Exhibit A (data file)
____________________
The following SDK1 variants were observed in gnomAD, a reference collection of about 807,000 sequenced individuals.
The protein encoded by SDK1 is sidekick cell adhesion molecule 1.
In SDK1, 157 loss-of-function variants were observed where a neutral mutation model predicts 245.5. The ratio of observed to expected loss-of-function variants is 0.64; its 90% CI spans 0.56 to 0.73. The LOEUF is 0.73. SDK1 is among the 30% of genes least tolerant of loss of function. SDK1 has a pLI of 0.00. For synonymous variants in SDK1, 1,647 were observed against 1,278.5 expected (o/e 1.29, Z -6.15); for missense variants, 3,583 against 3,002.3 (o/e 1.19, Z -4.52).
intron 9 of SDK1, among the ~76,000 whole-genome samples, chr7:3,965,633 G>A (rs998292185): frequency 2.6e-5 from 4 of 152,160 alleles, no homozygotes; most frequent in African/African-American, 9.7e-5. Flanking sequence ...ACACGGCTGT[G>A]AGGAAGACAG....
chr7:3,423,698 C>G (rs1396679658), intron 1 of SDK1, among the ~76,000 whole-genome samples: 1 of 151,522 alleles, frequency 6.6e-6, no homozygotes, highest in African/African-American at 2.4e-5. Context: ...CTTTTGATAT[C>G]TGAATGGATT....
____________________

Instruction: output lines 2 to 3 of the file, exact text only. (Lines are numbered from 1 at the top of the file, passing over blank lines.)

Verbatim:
The protein encoded by SDK1 is sidekick cell adhesion molecule 1.
In SDK1, 157 loss-of-function variants were observed where a neutral mutation model predicts 245.5. The ratio of observed to expected loss-of-function variants is 0.64; its 90% CI spans 0.56 to 0.73. The LOEUF is 0.73. SDK1 is among the 30% of genes least tolerant of loss of function. SDK1 has a pLI of 0.00. For synonymous variants in SDK1, 1,647 were observed against 1,278.5 expected (o/e 1.29, Z -6.15); for missense variants, 3,583 against 3,002.3 (o/e 1.19, Z -4.52).